Tuesday, October 10, 2006

Missed opportunities

Considering how good the basic building blocks (book, music) in A Chorus Line are, I was frustrated by the futility of the new revival. I didn't see the original production, but everybody is in agreement that the "new" one is a slavish carbon copy. It was directed by Bob Avian, who co-choreographed the original; Baayork Lee was the original Connie and is now responsible for "choreography re-staging." Sure, it's very entertaining, and large parts of Marvin Hamlisch's score continue to send shivers down my spine, but what's the point?!?

In a weird way, A Chorus Line anticipated the reality-TV boom, with cast members talking to a director (i.e., the camera) in confessional mode, while going through a casting call (i.e. elimination process). It would have been great to dynamite the show and direct it from that perspective, like some kind of razzle-dazzle Big Brother series, but it would have taken producers with balls.

I am told there are legal reasons that A Chorus Line must be staged the same way it always is. This is the death knell for this show: It'll only endure as a period artifact preserved in formaldehyde. It could easily be staged as a biting commentary on a culture driven by ego that's both self-aggrandizing and self-pitying and by competition, but instead it remains a backstage musical frozen in 1975 amber. While this is fine—it's hard not to like a good backstage musical—it could also be…something else. One day, some British director will mount a production of A Chorus Line that brings it into the 21st century, and then everybody here will wonder why nobody had thought of it before. (Look at what John Doyle did to Sweeney Todd.)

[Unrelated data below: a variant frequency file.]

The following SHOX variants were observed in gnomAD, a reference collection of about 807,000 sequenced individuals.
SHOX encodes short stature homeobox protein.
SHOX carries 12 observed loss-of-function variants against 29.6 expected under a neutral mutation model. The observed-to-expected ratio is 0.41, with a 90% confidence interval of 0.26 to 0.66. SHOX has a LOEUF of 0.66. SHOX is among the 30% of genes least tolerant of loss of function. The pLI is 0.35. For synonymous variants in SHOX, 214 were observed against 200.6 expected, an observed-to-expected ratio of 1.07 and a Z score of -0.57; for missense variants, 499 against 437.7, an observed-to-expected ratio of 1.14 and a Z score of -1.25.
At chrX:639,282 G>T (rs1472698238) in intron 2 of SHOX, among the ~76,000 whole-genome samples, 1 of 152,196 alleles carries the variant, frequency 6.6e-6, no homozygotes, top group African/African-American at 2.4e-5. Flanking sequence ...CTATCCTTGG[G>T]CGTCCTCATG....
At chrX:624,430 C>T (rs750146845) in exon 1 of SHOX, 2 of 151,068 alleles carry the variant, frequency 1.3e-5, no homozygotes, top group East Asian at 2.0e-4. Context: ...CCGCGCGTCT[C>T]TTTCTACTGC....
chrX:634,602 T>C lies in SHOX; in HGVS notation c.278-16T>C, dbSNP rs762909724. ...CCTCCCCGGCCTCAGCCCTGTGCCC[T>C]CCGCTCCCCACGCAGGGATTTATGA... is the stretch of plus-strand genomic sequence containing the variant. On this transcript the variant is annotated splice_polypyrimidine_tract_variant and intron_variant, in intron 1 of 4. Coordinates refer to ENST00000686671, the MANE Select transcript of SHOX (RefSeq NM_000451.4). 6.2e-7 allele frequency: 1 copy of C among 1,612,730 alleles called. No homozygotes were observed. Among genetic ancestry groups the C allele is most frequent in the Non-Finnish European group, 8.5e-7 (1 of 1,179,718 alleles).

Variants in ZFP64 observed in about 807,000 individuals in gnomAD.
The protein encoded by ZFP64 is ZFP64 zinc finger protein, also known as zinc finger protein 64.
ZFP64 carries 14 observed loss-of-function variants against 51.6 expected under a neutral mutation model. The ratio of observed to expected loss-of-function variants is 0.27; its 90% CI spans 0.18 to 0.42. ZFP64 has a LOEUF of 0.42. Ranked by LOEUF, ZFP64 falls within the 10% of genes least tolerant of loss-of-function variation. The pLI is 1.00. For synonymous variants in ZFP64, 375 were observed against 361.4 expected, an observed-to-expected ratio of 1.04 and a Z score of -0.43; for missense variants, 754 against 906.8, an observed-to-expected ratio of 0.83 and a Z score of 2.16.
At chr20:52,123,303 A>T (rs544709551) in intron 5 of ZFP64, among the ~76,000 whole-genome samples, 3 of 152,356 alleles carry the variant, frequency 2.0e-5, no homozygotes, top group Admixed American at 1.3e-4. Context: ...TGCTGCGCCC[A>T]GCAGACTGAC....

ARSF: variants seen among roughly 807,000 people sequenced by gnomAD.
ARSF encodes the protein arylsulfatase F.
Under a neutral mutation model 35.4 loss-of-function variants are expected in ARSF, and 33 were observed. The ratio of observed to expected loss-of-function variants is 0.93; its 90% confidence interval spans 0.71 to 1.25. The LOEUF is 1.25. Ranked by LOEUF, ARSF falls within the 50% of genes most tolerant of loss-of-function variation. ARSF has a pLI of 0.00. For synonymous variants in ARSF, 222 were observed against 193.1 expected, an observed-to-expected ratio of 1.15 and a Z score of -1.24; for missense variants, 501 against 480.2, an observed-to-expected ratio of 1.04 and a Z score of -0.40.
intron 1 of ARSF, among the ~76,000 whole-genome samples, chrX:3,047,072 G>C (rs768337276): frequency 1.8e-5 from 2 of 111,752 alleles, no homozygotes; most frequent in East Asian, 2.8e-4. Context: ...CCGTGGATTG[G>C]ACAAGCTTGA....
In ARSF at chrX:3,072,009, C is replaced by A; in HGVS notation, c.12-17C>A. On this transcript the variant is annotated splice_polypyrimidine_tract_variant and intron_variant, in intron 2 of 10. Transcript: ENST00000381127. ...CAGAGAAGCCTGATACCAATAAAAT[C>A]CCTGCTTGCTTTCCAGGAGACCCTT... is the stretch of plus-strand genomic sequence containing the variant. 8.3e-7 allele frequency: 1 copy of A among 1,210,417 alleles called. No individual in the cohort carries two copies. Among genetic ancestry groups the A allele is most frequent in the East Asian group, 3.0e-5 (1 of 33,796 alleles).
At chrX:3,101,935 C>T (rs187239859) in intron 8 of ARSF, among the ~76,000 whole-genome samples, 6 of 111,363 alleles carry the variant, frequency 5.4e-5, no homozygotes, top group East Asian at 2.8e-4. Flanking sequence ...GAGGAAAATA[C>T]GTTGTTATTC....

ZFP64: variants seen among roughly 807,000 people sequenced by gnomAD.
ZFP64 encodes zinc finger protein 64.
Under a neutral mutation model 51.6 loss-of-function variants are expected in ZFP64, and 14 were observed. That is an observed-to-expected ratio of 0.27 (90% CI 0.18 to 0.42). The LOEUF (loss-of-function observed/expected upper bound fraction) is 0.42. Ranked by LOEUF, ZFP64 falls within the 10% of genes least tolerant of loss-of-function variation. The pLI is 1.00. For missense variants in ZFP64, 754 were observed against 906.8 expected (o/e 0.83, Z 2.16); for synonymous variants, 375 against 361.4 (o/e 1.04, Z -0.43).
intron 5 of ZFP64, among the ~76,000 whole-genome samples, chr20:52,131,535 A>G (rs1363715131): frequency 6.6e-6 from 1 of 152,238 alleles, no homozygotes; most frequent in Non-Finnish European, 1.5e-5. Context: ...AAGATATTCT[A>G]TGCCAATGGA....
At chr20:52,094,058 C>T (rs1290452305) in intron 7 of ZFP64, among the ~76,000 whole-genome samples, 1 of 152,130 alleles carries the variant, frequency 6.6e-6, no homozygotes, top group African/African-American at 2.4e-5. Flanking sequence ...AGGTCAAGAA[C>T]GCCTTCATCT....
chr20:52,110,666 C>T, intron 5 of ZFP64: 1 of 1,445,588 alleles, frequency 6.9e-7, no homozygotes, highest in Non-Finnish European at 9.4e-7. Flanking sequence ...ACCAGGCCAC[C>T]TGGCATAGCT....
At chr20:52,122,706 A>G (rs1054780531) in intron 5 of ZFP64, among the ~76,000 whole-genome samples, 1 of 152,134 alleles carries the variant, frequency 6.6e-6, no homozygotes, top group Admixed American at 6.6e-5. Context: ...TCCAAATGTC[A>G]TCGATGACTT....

The paucity of imaginative directors on the Broadway and upper-Off stages drives me up the wall. What's up with Scott Elliott, for instance? His Threepenny Opera on Broadway was clueless; now his Prime of Miss Jean Brodie for the New Group is a snooze. The play is full of exciting dark corners, especially in the way it deals with the confluence of teaching and domination, and the way it looks at how a charming, charismatic individual can bamboozle students into a miasmic ideology. But Elliott doesn't seem to have any point of view on the story, just as he didn't have any on Threepenny, and he contends himself with letting actors loose, hoping they'll pull through. (And when all else fails: nudity!) Alas, Cynthia Nixon (whose Scottish accent is just bizarre) is out of her depth from the get-go, lacking not only the steely undergirding required to play Miss Brodie, but also the haughty black humor the character displays at times. My neighbor was asleep within 20 minutes; lucky him.

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